What if Black folks in America decided they were going to chuck the deuces and take a month off from White folks? What if we took a month, outside of February, to study and learn about our own history? What if we decided we wanted to pour libations for the many lives that have been lost, and that keep being taken, as we continue to fight for the right to simply live and be Black at the same time in America?
Such a time has been designated as Black August. That’s right Black people. We have our own month outside of Black History Month, the one time a year you hear the same three names over and over again: Martin Luther King, Harriet Tubman, & Frederick Douglass; because they are the only Black people who’ve ever made history in America. Black August isn’t for celebrating our history, but reflecting on it and using it to create solutions. It is a month to focus specifically on all the Black people in history that refused to be enslaved or unjustly imprisoned, or those that have lost their lives in the struggle and historic figures and events who were birthed in August.
Before you begin recognizing Black August, you need to get all of the backstory that led to it being started in the first place. That means you need to know the brothers George and Jonathan Jackson.
George, a member of the Black Panther Party, co-founder of the Black Guerrilla Family, (BGF), and “lifetime husband” (they never really married) of Queen Angela Davis, was arrested on some trumped up misdemeanor theft charges when he was 18-years-old and sentenced to one-year in prison, but ended up serving eleven. Already, we have a problem. He spent the first nine years in San Quentin, predominantly in solitary confinement, before being transferred to Soledad Prison with his BGF co-founder W.L. Nolen.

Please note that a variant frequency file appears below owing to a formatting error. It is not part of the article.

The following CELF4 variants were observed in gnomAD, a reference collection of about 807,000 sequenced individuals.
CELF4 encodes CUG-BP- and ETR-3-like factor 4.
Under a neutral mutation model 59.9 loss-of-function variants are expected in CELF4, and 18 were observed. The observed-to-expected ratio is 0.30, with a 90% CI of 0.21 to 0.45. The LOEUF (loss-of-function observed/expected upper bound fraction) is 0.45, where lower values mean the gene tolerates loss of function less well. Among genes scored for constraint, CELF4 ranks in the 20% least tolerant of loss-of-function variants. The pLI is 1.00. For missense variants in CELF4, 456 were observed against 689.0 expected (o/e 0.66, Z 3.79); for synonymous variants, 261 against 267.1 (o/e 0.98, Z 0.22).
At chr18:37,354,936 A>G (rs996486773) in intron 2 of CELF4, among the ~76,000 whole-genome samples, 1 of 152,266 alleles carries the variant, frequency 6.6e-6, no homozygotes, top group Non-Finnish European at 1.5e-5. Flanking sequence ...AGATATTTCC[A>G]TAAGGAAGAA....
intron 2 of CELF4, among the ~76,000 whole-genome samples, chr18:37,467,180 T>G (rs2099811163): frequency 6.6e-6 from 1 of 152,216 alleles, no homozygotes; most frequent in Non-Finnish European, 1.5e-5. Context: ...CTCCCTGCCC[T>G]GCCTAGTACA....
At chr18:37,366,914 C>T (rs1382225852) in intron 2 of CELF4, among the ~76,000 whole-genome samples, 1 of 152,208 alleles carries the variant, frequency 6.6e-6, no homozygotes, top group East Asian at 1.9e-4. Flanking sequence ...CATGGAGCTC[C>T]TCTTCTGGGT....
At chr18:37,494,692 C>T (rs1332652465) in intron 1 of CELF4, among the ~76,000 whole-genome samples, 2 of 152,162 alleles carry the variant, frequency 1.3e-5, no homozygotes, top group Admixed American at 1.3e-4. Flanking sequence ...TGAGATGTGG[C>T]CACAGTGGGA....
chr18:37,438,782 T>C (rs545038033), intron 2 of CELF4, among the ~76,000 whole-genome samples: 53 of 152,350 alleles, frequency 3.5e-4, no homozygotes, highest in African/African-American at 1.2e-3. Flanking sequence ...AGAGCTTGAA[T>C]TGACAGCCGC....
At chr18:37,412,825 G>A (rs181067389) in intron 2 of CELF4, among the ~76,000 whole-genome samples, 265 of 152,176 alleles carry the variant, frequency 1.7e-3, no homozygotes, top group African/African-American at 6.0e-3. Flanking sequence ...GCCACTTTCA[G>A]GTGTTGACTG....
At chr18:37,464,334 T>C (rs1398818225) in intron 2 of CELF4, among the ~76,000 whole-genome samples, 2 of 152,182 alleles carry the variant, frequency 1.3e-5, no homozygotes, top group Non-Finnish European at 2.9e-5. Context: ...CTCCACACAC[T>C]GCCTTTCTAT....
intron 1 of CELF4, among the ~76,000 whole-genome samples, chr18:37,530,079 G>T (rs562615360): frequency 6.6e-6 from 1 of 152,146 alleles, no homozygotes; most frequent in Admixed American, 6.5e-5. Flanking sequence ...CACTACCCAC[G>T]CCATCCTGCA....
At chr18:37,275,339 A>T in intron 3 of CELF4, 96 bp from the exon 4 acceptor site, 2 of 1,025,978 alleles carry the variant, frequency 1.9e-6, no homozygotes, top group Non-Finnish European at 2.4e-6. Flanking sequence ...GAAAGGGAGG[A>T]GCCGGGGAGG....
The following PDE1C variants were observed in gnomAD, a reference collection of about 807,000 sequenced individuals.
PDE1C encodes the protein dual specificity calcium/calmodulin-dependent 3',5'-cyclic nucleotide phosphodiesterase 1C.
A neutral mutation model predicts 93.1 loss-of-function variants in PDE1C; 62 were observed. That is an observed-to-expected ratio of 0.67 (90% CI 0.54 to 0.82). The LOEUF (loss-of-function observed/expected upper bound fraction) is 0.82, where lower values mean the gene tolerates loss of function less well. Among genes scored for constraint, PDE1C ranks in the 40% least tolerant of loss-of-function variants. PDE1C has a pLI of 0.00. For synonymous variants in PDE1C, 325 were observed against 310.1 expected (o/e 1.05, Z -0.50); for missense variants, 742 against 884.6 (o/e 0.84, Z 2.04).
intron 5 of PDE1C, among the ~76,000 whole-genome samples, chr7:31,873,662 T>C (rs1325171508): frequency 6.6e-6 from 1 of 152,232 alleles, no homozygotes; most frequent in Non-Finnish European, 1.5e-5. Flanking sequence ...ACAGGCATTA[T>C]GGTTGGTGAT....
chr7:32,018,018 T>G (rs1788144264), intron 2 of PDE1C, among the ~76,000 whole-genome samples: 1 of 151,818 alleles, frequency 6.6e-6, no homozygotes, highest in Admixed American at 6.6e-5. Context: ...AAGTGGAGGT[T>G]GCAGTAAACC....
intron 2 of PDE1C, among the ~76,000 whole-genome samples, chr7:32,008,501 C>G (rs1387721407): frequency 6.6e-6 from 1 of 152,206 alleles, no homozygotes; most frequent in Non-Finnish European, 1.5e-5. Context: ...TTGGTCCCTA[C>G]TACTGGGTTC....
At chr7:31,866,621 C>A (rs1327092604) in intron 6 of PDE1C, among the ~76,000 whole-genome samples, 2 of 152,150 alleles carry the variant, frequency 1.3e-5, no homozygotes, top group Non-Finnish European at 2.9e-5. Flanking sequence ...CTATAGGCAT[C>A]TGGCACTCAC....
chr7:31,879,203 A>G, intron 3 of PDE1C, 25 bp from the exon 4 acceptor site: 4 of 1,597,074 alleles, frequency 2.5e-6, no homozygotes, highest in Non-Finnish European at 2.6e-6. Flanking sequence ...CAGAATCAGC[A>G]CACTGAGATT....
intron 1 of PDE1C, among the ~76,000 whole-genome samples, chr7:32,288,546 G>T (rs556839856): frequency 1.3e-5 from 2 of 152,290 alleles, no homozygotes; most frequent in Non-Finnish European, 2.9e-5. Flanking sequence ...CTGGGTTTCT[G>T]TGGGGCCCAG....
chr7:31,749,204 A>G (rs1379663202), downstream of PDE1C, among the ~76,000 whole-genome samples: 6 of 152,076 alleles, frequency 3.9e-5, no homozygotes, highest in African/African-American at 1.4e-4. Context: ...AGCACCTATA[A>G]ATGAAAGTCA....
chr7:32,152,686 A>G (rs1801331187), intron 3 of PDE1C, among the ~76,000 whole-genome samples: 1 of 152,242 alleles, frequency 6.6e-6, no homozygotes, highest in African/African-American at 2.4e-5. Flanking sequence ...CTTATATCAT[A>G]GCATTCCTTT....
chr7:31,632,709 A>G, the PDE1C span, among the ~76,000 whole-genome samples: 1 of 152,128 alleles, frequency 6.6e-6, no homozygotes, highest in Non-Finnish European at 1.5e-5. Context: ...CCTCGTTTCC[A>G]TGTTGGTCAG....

Soledad had serious issues with racial conflicts between the Aryan brotherhood and Jackson and his followers, so most activities were segregated for months until inmates were forced to play nice in the prison courtyard one day, which led to an anticipated altercation. A tower guard ended up shooting and killing Nolen, and this did not sit well with brother George. A few days later, George and two other prisoners became known as the Soledad Brothers when they were charged with killing a prison guard in retaliation for Nolen’s death and they were sent back to San Quentin to await trial.
Meanwhile, back in Oakland, our sister Queen Angela Davis and George’s baby brother Jonathan Jackson were not willing to sit idly by while George was a sitting duck in prison. Angela began writing some pretty steamy love letters to George pledging her devotion to him and his release “by any means necessary.” This is where things go left.
Jonathan tried to demand George’s freedom by holding five people, including a judge and jurors, hostage from a Marin County courtroom with three other Black Panther Party members who were either on trial or serving as witnesses in the courtroom. Let’s just say, things didn’t end well or go as planned. Only one of the kidnappers, Ruchell Magee, survived and is still in prison, and one of the hostages, Judge Harold Haley, was killed in the shoot-out that ensued when the group tried to leave the courthouse.